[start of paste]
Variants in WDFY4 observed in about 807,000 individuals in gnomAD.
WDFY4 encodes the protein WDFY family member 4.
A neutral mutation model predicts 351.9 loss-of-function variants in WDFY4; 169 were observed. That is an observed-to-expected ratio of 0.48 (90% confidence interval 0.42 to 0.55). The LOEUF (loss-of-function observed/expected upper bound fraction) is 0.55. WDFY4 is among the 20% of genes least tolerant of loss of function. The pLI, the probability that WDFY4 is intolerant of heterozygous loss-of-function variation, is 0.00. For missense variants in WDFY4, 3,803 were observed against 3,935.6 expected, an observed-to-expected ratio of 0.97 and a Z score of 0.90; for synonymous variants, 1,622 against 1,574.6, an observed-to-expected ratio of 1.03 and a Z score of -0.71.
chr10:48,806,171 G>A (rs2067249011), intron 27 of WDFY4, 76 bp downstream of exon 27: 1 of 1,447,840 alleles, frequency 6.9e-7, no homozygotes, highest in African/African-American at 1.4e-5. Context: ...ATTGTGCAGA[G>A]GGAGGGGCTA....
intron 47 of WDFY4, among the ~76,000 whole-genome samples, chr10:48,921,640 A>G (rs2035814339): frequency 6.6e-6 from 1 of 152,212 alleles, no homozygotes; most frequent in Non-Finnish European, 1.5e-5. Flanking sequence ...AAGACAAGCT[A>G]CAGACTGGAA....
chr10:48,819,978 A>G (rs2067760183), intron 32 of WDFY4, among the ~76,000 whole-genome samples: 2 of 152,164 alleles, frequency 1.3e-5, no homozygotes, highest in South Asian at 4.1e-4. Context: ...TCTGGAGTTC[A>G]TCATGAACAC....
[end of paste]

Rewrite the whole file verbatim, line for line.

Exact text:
Variants in WDFY4 observed in about 807,000 individuals in gnomAD.
WDFY4 encodes the protein WDFY family member 4.
A neutral mutation model predicts 351.9 loss-of-function variants in WDFY4; 169 were observed. That is an observed-to-expected ratio of 0.48 (90% confidence interval 0.42 to 0.55). The LOEUF (loss-of-function observed/expected upper bound fraction) is 0.55. WDFY4 is among the 20% of genes least tolerant of loss of function. The pLI, the probability that WDFY4 is intolerant of heterozygous loss-of-function variation, is 0.00. For missense variants in WDFY4, 3,803 were observed against 3,935.6 expected, an observed-to-expected ratio of 0.97 and a Z score of 0.90; for synonymous variants, 1,622 against 1,574.6, an observed-to-expected ratio of 1.03 and a Z score of -0.71.
chr10:48,806,171 G>A (rs2067249011), intron 27 of WDFY4, 76 bp downstream of exon 27: 1 of 1,447,840 alleles, frequency 6.9e-7, no homozygotes, highest in African/African-American at 1.4e-5. Context: ...ATTGTGCAGA[G>A]GGAGGGGCTA....
intron 47 of WDFY4, among the ~76,000 whole-genome samples, chr10:48,921,640 A>G (rs2035814339): frequency 6.6e-6 from 1 of 152,212 alleles, no homozygotes; most frequent in Non-Finnish European, 1.5e-5. Flanking sequence ...AAGACAAGCT[A>G]CAGACTGGAA....
chr10:48,819,978 A>G (rs2067760183), intron 32 of WDFY4, among the ~76,000 whole-genome samples: 2 of 152,164 alleles, frequency 1.3e-5, no homozygotes, highest in South Asian at 4.1e-4. Context: ...TCTGGAGTTC[A>G]TCATGAACAC....